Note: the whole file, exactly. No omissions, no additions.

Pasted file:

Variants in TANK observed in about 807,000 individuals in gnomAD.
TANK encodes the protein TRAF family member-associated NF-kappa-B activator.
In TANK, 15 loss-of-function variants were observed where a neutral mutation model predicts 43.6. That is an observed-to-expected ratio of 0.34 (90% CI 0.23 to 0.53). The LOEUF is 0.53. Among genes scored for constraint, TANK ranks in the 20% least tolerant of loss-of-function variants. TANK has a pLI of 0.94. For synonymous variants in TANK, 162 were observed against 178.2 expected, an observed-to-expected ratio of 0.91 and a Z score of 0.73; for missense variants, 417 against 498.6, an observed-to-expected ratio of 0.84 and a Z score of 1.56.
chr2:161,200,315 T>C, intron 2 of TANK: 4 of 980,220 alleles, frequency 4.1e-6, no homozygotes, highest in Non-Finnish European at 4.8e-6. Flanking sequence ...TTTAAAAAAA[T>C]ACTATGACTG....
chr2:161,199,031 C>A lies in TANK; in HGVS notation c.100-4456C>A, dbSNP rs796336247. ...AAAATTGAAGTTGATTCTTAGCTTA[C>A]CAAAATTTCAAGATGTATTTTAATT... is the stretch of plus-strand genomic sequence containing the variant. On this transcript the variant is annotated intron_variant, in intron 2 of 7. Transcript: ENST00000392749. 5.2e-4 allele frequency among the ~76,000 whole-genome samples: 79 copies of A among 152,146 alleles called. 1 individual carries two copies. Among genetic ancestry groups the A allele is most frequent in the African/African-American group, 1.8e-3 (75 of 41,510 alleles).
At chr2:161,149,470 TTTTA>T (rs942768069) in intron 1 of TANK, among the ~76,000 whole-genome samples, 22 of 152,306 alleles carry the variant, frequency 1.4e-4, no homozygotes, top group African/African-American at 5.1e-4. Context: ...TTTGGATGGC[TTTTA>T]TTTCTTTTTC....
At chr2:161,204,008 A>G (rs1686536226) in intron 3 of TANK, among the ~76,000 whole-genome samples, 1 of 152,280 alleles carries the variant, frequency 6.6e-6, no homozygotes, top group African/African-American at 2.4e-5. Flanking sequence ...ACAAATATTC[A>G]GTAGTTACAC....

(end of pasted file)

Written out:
Variants in TANK observed in about 807,000 individuals in gnomAD.
TANK encodes the protein TRAF family member-associated NF-kappa-B activator.
In TANK, 15 loss-of-function variants were observed where a neutral mutation model predicts 43.6. That is an observed-to-expected ratio of 0.34 (90% CI 0.23 to 0.53). The LOEUF is 0.53. Among genes scored for constraint, TANK ranks in the 20% least tolerant of loss-of-function variants. TANK has a pLI of 0.94. For synonymous variants in TANK, 162 were observed against 178.2 expected, an observed-to-expected ratio of 0.91 and a Z score of 0.73; for missense variants, 417 against 498.6, an observed-to-expected ratio of 0.84 and a Z score of 1.56.
chr2:161,200,315 T>C, intron 2 of TANK: 4 of 980,220 alleles, frequency 4.1e-6, no homozygotes, highest in Non-Finnish European at 4.8e-6. Flanking sequence ...TTTAAAAAAA[T>C]ACTATGACTG....
chr2:161,199,031 C>A lies in TANK; in HGVS notation c.100-4456C>A, dbSNP rs796336247. ...AAAATTGAAGTTGATTCTTAGCTTA[C>A]CAAAATTTCAAGATGTATTTTAATT... is the stretch of plus-strand genomic sequence containing the variant. On this transcript the variant is annotated intron_variant, in intron 2 of 7. Transcript: ENST00000392749. 5.2e-4 allele frequency among the ~76,000 whole-genome samples: 79 copies of A among 152,146 alleles called. 1 individual carries two copies. Among genetic ancestry groups the A allele is most frequent in the African/African-American group, 1.8e-3 (75 of 41,510 alleles).
At chr2:161,149,470 TTTTA>T (rs942768069) in intron 1 of TANK, among the ~76,000 whole-genome samples, 22 of 152,306 alleles carry the variant, frequency 1.4e-4, no homozygotes, top group African/African-American at 5.1e-4. Context: ...TTTGGATGGC[TTTTA>T]TTTCTTTTTC....
At chr2:161,204,008 A>G (rs1686536226) in intron 3 of TANK, among the ~76,000 whole-genome samples, 1 of 152,280 alleles carries the variant, frequency 6.6e-6, no homozygotes, top group African/African-American at 2.4e-5. Flanking sequence ...ACAAATATTC[A>G]GTAGTTACAC....